In a recent study published in JAMA Network Open, researchers qualitatively examined staffing shortages in United States (US) nursing homes during the coronavirus disease 2019 (COVID-19) pandemic.
Previous quantitative studies found mixed evidence of staffing shortfalls in US nursing homes during the early part of the COVID-19 pandemic.
One study found that staffing levels did not decline during the initial pandemic phases. In contrast, another study by the Kaiser Family Foundation found that nursing home staffing shortages occurred alongside severe acute respiratory syndrome coronavirus 2 (SARS-CoV-2) variant surges, varying widely by state, and attained a whopping 34% in January 2022.
To steer through hard times when staffing was short, administrators increased staff workloads, decreased new recruitments, and offered wage raises to retain staff. Yet, even in 2022, only 2% of all US nursing homes worked fully staffed.
About the study
In the present study, researchers conducted four semistructured qualitative interviews virtually or by telephone at three-month intervals with participating nursing home administrators between July 14, 2020, and December 16, 2021, to enquire about the changes noted during the COVID-19 pandemic in nursing homes. They gave financial compensation to all nursing home administrators for participation.
They combined quantitative and qualitative methods for this convergent mixed-methods study to come up with three themes generated by qualitative analysis, which, in turn, helped the researchers develop four analytic measures for the statistical evaluation of facility-level data of each sample.
The team developed a refined interview guide for interview 1 covering open-ended questions about COVID-19 at nursing homes. For interviews 2 and 3, they modified it to include follow-up questions about the facility’s previous interview.
Before their third interview, all participants received a summary report of preliminary findings and emerging themes. So, they asked all participants to solicit feedback on the summary report during their third interview. The final interview had questions about administrator experiences over the 12-month interview period.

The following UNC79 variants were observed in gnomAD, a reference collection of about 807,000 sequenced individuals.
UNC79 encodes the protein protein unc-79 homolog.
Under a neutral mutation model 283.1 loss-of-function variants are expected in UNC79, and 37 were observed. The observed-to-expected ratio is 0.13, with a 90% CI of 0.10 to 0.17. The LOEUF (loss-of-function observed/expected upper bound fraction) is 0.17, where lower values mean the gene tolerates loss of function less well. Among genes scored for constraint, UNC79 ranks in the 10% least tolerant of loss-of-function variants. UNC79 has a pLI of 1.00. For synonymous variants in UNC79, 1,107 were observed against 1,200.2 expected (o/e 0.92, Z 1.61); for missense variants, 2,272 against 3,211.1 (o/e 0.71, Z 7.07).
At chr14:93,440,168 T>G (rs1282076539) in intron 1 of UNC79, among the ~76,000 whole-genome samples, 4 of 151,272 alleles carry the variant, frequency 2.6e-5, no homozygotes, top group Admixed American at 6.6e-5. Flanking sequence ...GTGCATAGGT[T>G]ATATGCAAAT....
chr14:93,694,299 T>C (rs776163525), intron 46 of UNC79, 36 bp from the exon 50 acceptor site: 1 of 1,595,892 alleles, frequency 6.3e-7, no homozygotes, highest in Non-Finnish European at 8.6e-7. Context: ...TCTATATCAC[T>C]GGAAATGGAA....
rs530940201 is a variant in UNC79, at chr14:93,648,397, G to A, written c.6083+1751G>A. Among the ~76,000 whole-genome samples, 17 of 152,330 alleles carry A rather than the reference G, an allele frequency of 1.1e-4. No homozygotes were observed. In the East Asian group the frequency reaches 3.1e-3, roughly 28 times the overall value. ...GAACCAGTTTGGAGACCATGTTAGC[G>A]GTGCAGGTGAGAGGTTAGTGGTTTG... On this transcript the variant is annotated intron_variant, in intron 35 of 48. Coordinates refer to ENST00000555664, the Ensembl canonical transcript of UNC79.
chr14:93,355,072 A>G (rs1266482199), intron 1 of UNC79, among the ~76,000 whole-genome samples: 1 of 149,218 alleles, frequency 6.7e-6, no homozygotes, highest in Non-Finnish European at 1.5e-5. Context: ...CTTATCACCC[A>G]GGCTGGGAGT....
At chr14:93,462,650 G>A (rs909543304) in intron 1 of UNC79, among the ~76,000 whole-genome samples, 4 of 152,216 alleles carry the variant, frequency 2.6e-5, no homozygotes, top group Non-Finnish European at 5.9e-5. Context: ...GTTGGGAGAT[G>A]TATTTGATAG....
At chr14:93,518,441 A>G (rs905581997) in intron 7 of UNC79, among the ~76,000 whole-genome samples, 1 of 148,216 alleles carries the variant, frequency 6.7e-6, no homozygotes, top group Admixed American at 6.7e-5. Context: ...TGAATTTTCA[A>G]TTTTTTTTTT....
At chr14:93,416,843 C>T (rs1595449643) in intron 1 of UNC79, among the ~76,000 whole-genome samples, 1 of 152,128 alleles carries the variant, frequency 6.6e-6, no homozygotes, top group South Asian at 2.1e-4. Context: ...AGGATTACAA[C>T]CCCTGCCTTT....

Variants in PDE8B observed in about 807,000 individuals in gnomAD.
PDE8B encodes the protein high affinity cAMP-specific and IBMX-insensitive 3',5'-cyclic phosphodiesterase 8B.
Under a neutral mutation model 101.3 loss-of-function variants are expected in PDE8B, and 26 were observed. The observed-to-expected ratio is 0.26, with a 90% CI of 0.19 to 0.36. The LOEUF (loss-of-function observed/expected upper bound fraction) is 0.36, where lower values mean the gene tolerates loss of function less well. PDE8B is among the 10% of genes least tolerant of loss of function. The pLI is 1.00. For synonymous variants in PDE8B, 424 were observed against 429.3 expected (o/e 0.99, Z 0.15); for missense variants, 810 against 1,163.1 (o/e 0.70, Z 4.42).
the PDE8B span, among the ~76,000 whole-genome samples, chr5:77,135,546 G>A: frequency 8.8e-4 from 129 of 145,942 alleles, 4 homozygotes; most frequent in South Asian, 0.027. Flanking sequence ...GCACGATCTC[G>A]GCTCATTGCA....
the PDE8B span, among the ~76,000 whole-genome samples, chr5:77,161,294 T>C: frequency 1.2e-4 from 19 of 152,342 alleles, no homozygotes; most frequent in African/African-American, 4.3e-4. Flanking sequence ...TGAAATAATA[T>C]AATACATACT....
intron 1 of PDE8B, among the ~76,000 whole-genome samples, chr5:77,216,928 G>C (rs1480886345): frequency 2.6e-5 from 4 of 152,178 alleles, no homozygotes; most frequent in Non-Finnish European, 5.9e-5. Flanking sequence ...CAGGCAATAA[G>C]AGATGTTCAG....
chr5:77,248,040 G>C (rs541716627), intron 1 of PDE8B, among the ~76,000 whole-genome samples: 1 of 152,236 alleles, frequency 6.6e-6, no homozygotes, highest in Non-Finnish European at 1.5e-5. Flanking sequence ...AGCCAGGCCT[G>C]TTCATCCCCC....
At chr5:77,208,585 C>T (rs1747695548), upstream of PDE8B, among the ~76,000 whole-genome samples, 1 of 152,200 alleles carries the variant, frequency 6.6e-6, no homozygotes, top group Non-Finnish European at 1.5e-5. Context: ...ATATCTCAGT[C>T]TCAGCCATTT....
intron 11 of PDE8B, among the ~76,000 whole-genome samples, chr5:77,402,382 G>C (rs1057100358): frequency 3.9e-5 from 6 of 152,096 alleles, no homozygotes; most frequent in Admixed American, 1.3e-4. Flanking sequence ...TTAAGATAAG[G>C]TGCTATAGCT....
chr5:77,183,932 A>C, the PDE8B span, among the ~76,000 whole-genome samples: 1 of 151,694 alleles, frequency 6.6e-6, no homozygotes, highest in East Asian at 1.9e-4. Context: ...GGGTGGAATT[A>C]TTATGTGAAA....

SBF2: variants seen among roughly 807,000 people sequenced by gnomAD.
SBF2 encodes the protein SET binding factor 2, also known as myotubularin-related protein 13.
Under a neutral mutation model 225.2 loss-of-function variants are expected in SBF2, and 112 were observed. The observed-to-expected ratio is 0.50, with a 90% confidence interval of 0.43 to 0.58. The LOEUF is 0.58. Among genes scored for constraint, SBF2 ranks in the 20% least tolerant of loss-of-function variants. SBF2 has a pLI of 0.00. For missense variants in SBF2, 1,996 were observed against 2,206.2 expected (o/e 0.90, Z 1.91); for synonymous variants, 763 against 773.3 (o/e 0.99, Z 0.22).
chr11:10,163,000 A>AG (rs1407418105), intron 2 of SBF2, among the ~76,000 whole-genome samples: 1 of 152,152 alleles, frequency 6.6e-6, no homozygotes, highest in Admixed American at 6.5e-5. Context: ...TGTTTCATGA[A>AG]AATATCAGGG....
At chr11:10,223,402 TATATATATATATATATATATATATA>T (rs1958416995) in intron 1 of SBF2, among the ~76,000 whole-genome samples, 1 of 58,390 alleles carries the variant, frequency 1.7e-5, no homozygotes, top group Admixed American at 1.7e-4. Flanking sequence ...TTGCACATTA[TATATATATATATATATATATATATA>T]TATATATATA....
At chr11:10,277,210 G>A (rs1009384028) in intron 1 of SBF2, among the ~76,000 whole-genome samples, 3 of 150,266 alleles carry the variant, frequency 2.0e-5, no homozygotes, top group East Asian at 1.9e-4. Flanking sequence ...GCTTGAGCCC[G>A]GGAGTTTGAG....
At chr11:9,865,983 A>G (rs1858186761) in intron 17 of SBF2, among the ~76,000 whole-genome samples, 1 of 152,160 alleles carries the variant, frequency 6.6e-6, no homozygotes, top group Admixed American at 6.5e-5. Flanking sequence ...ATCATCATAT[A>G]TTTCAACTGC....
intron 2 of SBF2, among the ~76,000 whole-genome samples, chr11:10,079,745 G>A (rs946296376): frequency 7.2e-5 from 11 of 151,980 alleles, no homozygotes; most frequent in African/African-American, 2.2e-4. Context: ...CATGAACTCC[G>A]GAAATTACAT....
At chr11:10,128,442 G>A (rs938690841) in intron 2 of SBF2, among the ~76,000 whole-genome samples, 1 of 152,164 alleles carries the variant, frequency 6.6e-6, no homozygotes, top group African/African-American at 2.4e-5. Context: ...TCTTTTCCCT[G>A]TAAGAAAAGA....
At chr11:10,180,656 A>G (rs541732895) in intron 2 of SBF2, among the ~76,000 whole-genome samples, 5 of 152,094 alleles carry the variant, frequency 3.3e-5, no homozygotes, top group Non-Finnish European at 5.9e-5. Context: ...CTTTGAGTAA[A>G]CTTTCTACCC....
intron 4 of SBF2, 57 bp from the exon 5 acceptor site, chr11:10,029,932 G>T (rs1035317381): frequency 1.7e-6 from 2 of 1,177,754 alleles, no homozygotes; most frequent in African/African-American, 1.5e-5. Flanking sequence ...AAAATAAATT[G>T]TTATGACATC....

The team recorded interviews, professionally transcribed verbatim, and checked for accuracy. Next, they used grounded theory to develop an initial coding scheme adjusted iteratively to add and refine codes throughout data collection and analysis.
Two teams manually double-coded 102 interview transcripts. When all interview transcripts were coded, the team used the six steps outlined by Braun and Clarke to examine all codes related to a theme together.
For quantitative analyses, the team used the daily facility level Payroll-Based Journal (PBJ) data for January 2020-September 2022, which they used to generate four staffing measures to get a sneak peek into the sufficiency of staffing levels and quality of care given during the study duration.
They computed weekly means for all four analytic measures from 40 nursing homes and 15436 other nursing homes to evaluate temporal trends in the study sample relative to national trends for the same duration.
A comparison of themes helped the researchers assess a connection between administrator experiences with nursing home staffing and facility-level data. Also, they explored whether their perspectives explained how they addressed staffing challenges.
The study encompassed 156 interviews with 40 licensed nursing home administrators working in eight markets across the US. Some of them had over 30 years of experience. The researchers made three key observations about how US nursing homes dealt with the COVID-19 pandemic.
First, nursing home administrators used crisis management compensatory strategies to meet regulatory staffing minimums and maintain operations during the earlier part of the pandemic. They agreed that increasing resident-to-staff ratios, hiring agency staff, and decreasing resident census helped them care for residents despite staff shortages.
Second, these measures added extra financial costs for nursing homes already coping with rising operational costs amid the pandemic due to reduced resident admissions. Third, compensatory mechanisms adopted by administrators increased staff burnout. They had to manage higher caseloads, which might have resulted in poor resident outcomes.
Amid a public health crisis, US nursing homes strived hard to maintain minimally adequate staffing ratios and remain operational. The long-term consequences of these compensatory strategies remain incompletely understood but might affect the stability of an already strained workforce, thus, warrants more mixed-methods research.
Nonetheless, policymakers should review current regulations around staffing and work in US nursing homes to equip them for better crisis management in the future.